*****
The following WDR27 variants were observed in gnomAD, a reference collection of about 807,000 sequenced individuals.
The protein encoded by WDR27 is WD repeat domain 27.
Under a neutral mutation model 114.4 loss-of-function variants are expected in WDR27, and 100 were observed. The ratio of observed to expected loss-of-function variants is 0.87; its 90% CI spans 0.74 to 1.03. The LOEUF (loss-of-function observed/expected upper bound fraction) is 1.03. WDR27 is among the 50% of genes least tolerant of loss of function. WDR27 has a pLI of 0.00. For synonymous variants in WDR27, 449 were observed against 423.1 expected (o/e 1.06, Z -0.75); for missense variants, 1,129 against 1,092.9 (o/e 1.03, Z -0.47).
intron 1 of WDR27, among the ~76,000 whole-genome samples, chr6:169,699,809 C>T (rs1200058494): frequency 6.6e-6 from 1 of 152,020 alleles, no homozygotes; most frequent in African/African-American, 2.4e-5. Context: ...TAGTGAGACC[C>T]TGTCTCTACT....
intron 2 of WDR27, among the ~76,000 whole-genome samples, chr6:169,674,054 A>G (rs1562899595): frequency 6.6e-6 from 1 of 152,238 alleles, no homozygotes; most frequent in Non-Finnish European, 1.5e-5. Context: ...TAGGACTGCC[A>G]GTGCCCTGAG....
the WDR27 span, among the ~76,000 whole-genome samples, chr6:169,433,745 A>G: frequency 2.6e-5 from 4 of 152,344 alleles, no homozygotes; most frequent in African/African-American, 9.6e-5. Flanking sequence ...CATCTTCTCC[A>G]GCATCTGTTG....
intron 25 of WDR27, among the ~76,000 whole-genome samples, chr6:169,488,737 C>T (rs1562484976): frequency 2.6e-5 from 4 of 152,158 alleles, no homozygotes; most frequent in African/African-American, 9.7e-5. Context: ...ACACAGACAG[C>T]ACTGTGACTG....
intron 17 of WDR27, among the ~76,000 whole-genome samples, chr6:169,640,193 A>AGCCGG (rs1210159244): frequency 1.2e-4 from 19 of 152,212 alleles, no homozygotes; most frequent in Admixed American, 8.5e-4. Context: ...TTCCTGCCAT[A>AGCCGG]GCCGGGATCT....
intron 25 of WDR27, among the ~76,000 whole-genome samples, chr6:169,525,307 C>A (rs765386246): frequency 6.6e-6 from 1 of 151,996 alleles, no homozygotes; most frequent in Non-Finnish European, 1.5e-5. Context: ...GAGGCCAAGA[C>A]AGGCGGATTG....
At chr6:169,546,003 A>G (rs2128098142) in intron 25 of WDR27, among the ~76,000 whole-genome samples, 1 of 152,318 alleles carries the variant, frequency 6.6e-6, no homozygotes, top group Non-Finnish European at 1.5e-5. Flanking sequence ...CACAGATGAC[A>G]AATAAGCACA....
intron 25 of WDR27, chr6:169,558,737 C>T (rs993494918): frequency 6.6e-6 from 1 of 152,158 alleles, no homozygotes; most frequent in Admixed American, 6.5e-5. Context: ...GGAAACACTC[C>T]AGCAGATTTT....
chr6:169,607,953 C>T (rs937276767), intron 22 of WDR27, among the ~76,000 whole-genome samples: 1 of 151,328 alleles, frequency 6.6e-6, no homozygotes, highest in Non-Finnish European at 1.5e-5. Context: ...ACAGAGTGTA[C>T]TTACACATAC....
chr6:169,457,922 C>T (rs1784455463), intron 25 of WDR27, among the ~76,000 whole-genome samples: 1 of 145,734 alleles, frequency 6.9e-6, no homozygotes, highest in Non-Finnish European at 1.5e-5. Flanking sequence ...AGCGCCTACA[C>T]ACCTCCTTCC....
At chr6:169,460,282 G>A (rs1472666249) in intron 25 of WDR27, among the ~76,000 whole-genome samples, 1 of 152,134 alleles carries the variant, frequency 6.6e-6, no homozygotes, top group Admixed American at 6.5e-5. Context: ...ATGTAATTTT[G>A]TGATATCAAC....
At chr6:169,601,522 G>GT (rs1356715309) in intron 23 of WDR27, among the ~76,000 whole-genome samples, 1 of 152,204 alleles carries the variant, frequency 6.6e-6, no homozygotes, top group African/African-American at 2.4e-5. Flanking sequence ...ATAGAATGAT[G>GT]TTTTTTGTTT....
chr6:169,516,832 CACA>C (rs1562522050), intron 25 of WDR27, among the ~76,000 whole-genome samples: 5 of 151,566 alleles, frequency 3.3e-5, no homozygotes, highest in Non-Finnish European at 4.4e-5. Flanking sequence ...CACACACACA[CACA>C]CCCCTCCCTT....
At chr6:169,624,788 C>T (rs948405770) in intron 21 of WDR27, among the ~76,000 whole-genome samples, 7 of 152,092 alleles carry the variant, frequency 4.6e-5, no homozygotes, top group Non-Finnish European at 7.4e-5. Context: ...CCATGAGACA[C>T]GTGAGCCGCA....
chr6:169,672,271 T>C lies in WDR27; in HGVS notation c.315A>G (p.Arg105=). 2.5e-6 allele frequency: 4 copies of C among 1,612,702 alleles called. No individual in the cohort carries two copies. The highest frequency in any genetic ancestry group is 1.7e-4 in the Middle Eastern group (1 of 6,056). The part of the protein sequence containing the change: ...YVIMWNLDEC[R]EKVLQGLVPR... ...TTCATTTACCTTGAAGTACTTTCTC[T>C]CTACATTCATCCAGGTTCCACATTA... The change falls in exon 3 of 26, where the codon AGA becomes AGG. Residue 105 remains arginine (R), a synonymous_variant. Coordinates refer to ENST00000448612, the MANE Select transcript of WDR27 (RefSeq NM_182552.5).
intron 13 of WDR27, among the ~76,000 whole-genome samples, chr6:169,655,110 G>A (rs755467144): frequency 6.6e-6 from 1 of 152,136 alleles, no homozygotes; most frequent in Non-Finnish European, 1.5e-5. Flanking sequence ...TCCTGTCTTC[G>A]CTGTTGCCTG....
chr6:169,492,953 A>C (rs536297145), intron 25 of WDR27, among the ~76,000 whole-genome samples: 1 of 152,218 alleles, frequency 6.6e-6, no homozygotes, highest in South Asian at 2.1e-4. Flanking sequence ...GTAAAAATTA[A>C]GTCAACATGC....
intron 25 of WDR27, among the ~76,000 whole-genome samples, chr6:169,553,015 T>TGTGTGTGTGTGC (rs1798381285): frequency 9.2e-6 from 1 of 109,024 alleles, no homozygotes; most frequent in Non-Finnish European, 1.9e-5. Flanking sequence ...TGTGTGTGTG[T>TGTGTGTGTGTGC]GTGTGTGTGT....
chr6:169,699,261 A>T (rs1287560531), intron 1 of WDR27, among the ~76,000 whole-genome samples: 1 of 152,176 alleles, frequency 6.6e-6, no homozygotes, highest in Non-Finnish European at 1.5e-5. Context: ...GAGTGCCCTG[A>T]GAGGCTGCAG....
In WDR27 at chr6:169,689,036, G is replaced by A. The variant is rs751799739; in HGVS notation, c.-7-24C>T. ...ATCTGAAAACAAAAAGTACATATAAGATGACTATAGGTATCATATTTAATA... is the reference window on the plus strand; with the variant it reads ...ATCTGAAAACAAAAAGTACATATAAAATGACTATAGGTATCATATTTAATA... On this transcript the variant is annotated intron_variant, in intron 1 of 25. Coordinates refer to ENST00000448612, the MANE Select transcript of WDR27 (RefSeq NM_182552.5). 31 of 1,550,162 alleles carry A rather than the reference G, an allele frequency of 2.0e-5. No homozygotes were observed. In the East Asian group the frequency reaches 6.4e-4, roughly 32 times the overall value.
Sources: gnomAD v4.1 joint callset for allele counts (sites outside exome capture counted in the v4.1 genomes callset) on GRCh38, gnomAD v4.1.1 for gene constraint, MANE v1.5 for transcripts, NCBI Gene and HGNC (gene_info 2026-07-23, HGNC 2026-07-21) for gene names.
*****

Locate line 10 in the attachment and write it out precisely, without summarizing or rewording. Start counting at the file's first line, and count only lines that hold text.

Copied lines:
At chr6:169,546,003 A>G (rs2128098142) in intron 25 of WDR27, among the ~76,000 whole-genome samples, 1 of 152,318 alleles carries the variant, frequency 6.6e-6, no homozygotes, top group Non-Finnish European at 1.5e-5. Flanking sequence ...CACAGATGAC[A>G]AATAAGCACA....